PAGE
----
THE SENATE Labor and Human Resources Committee has proposed a new condition for federal aid to college students: acceptable grades. The provision was included in a bill the committee reported out last week extending the full array of aid to higher education for another five years. The impulse is understandable: the programs now cost about $9 billion a year, and the senators don't want it said they are paying people to goof off. The standard finally set was also pretty low: not a C average at the end of sophomore year, as first proposed, but merely a record "consistent with the requirements for graduation." It is still the wrong thing to do. The government should not become a grade policeman. Grades are between a student and school and best left that way.
Otherwise this is an excellent bill. President Reagan proposed in his budget to cut the main forms of aid by 40 percent in the next five years, the wrong way to treat a major equalizing force in the society. The committee voted unanimously instead to keep the programs pretty much as they are. The House passed similar legislation last year; perhaps this is one subject on which the 99th Congress will be able to act in an orderly way.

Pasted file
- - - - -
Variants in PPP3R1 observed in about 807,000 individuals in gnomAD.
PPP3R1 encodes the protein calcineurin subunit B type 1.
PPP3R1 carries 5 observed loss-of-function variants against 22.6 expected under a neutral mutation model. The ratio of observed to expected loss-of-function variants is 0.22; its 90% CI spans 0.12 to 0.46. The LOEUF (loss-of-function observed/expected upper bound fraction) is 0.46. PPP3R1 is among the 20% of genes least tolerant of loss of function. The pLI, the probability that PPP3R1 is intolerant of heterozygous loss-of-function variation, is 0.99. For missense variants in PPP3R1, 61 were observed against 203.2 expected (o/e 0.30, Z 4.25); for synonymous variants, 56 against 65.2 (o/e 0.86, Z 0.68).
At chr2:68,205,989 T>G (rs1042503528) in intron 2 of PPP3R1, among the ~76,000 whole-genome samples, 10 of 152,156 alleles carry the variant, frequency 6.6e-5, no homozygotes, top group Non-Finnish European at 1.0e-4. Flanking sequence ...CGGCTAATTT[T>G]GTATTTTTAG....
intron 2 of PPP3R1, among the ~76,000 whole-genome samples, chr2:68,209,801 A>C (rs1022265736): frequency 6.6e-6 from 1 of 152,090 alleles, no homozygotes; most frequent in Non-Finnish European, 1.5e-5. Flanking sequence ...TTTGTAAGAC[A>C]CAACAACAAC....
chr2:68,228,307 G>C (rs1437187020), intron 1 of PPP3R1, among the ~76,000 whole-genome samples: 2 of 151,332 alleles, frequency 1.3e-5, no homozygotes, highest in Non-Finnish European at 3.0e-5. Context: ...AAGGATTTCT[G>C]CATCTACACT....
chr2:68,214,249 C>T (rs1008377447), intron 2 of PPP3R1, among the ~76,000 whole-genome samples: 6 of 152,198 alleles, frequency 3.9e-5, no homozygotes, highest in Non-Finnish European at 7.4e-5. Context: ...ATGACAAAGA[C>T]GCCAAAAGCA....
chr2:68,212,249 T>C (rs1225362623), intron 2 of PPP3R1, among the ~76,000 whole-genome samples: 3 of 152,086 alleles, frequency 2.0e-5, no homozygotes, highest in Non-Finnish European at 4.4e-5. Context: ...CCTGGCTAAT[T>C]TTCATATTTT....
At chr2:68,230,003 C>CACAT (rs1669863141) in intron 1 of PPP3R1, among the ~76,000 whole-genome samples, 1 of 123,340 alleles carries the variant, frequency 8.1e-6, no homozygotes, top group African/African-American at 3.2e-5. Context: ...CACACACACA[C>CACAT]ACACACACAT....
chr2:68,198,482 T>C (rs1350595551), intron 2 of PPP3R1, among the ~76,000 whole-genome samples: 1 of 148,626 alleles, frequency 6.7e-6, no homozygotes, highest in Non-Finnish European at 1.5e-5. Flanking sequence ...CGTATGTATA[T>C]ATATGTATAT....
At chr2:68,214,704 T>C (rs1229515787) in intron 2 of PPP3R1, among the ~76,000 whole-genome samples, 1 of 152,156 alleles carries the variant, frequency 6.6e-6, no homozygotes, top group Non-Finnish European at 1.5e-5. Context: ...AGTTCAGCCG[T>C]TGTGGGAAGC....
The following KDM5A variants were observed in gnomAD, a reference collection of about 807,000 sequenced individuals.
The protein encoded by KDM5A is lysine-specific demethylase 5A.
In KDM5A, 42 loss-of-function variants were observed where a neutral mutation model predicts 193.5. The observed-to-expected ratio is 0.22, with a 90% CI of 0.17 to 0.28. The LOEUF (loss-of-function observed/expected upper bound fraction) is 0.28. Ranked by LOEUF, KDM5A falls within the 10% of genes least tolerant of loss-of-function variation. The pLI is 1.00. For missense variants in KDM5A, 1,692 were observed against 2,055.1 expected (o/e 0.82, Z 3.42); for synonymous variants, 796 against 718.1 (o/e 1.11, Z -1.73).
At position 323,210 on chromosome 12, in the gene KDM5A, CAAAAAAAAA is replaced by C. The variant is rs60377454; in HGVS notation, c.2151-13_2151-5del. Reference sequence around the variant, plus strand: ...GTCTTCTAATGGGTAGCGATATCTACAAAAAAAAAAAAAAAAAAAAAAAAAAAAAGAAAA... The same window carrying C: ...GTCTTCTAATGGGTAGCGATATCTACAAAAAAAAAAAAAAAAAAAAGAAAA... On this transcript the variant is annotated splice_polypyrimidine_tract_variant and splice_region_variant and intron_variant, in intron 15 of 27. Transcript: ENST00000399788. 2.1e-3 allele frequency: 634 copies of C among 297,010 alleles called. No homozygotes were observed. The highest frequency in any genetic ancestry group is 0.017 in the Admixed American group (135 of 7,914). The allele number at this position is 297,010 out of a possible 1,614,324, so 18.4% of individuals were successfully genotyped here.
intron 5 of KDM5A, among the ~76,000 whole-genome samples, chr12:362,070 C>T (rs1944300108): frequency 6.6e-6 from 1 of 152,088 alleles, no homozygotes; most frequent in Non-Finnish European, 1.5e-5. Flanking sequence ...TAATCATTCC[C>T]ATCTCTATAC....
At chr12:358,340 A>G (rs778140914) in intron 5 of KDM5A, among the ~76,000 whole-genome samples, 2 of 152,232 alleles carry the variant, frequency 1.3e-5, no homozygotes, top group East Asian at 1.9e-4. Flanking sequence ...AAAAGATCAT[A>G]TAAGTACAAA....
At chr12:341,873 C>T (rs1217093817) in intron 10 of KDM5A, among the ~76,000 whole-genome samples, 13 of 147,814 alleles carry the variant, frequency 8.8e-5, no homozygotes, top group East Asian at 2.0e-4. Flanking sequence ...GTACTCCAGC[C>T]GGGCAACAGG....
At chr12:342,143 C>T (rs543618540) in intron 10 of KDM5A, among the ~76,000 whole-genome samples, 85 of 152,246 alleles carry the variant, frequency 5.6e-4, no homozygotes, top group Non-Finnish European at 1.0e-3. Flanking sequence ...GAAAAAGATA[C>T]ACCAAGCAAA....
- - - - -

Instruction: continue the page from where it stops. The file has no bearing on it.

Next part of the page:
There are two main programs, one grant, one loan. Grants haven't kept pace with costs in recent years, and low-income students have had to rely more and more on loans. They graduate heavily in debt. The committee bill would raise the maximum grant from the current $2,100 to $3,200 by 1991 (the House bill would go to $3,100 in the same period) to redress this.
The committee also voted to bar grants from the main program to students from families with incomes above $30,000 a year. There is no such limit now. The colleges say an income cap shuts out large families made needy by the fact they have several children to educate at once. But the president has proposed a cap, the program is regularly denounced for helping the rich as well as poor, and the senators decided this was an issue on which it was easiest to yield.
The bill would also tighten the definition of an independent student (one who doesn't live with his parents, who therefore can't be dunned to help pay for his education), lower the rate of return of the banks on student loans and impose a greater penalty than now on states in which large numbers of students default. The theory is this will give the states an interest in helping the federal government collect.
Except on the grades provision, an A. On that, a D. But the Senate or conferees can fix it.